Because of the trade with the Marlins and the team’s expenditures – the Blue Jays committed to pay the five players a net of about $158 million – there will be expectations this year. Gibbons will be expected to have the Blue Jays in the division and/or the wild-card race.
Neither of the races will be easy. The Yankees are always there, the Orioles got there this year, the Rays didn’t miss the playoffs by much and the Red Sox have to be taken seriously despite their dreadful 2012 season. Remember, they are free of Bobby Valentine.
“I don’t look at it as competing with the others,” Anthopoulos said. “We just had to get better.”
AND THE WINNER IS….
First came A.J. Burnett, then John Lackey. Now it’s Ricky Romero.
The 28-year-old Toronto pitcher is the winner of the Sigh Young award as the worst pitcher in the majors this year. Romero won my award in an extremely close competition with Ubaldo Jimenez, Luke Hochevar and Tim Lincecum.
The surprise there is Lincecum, whose 10-15 record and 5.18 earned run average gave him a chance to be the first to win the Cy Young and the Sigh Young awards. The Giants’ not-long ago star won the National League award in 2008 and 2009.
Cleveland’s Jimenez had 17 losses, most in the majors, while Kansas City’s Hochevar lost 16.
Romero was one of eight pitchers who incurred precisely 14 losses, but none of the seven others could match his striking statistics: 5.77 e.r.a.; 9-14 record, 15.56 baserunners per nine innings.
It wasn’t a very good season for a pitcher who in his first three seasons had records of 13-9, 14-9 and 15-11.
A BASEBALL WRITERS’ GIVEAWAY
For the first time, the post-season awards voted by the Baseball Writers Association of America were the stars of television shows this year. Under an agreement reached a year ago with the BBWAA, the Major League Baseball network produced four awards shows and one preview show.
I did not attend the writers meeting last December when they approved the arrangement so I have no first-hand knowledge of the discussion or the reason the BBWAA gave its long-held property away and got nothing in return, as in payment.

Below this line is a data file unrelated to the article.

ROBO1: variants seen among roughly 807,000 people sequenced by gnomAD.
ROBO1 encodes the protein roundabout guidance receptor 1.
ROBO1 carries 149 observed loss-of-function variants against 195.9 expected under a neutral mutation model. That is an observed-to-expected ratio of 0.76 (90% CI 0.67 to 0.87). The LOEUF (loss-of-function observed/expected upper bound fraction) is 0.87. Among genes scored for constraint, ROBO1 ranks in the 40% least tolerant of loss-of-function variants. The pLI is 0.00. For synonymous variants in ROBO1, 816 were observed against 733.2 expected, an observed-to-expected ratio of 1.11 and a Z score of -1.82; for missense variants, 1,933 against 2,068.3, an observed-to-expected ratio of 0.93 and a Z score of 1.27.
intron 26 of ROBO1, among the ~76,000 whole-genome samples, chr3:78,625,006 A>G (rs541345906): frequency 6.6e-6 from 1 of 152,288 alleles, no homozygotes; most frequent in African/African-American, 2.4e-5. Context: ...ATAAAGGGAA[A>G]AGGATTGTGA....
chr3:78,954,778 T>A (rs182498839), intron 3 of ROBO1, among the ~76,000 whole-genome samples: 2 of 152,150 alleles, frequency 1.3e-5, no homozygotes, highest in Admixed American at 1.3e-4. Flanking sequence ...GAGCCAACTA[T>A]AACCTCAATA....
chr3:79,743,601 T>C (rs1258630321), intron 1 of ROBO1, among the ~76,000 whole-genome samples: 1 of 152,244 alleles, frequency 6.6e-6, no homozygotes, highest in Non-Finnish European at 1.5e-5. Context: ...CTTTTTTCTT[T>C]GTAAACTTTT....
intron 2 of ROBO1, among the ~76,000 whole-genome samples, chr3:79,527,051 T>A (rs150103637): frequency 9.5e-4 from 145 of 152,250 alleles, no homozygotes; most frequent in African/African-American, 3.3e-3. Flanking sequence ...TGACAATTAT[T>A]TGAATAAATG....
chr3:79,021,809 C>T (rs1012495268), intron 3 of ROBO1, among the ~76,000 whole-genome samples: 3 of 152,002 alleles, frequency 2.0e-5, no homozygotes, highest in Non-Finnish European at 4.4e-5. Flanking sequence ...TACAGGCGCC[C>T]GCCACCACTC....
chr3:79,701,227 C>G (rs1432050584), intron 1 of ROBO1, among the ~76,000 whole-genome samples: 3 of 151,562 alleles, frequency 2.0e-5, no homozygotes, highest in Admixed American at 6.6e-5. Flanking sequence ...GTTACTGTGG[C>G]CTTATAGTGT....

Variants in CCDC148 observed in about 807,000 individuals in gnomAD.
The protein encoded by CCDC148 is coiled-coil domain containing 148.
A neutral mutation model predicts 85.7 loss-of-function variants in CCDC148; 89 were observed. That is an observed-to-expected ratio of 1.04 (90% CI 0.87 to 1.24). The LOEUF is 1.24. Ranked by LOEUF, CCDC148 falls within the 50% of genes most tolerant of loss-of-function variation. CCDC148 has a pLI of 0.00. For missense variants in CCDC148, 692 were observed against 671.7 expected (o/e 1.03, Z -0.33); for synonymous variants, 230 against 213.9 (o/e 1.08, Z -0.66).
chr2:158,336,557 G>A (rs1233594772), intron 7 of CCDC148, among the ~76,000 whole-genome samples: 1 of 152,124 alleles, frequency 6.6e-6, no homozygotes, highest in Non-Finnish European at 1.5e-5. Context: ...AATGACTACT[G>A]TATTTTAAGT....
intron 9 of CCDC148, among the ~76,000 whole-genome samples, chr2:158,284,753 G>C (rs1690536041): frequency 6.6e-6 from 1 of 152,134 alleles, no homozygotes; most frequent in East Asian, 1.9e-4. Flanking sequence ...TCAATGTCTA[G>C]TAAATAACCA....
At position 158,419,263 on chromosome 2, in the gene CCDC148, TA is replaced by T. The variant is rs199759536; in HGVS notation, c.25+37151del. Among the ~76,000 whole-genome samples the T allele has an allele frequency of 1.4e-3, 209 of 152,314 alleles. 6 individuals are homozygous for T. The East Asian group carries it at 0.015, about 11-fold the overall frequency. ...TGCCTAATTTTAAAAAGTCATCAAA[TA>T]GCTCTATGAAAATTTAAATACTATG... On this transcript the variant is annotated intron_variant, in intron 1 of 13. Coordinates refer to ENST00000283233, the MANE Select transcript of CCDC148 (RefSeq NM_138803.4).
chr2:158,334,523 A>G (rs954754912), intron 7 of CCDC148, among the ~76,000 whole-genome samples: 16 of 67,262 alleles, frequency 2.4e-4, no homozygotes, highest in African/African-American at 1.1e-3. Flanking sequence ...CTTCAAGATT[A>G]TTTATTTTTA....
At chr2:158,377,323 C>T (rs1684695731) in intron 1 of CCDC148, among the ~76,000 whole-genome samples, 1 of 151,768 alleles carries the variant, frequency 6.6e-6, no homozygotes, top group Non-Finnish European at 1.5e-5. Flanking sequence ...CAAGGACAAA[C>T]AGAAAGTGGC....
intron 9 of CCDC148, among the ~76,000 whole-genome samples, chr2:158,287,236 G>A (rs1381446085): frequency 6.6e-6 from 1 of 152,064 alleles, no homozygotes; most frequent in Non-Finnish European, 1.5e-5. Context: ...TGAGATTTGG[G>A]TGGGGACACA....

I posed that question to Jack O’Connell, the long-time BBWAA secretary-treasurer, who announced the awards live on the shows.
“Any answer to my question about our giving away our awards while MLB network makes many thousands off it?” I asked in a second e-mail.
“The answer is that we did not give away the awards,” O’Connell replied. “They are still ours.”
I will give O’Connell the benefit of doubt and figure he misunderstood my question. My “give away” was not to be taken literally, as in giving the network proprietary control of the awards. But the BBWAA gave away the awards for television profit and got nothing in return.
There was commercial money involved, and the network got it all. Matt Bourne, an M.L.B. public relations vice president, said the network declined to say how much it received for the commercials it aired during the shows.
“We don’t give out that information,” he said. “Our people aren’t comfortable talking about it.”
However, he noted that the BBWAA benefits from the shows because they publicized the awards and raised the BBWAA’s profile.
Two problems there. The awards, especially most valuable player and Cy Young awards, have always been well publicized because they are probably the most popular post-season awards for any sport, with the possible exception of the Heisman trophy.
In addition, the BBWAA doesn’t need to have its profile raised. It is not in business and sells nothing. In fact, its non-profit status might have been the reason the BBWAA sought no payment.
That was one of the reasons cited for rejection several years ago when an independent television production company made a proposal to the organization that included payment.
A person familiar with the sale of television advertising said that a 30-second commercial for the baseball awards shows would sell for $5,000 to $10,000. The m.v.p. show, the last in the series of one-hour shows, had a total commercial time of 14 minutes and 40 seconds, including 2:40 for in-house commercials about the MLB Network and its programs. There were 31 commercials plus 8 house ads.
Using the low estimate, each show would have earned $120,000 for a total of $600,000. Even if the commercials were discounted by 50 percent, the network would have had $300,000 in revenue.
The person familiar with television advertising made another point. “One thing to keep in mind about this,” he said, “is that in the off-season, original, newsworthy programming is hard to come by. So while it’s not a windfall, it’s still content in a content driven business.”
What could the BBWAA have done with the money if it had received any from the network? It could have helped families of writers who died or writers who had lost their jobs in a shrinking and decaying industry. Institute a college scholarship program. Make donations to hurricane or earthquake victims.
The BBWAA wouldn’t have to keep any of the money and ruin its nonprofit stratus. But instead of giving away money, the BBWAA would rather give away its awards.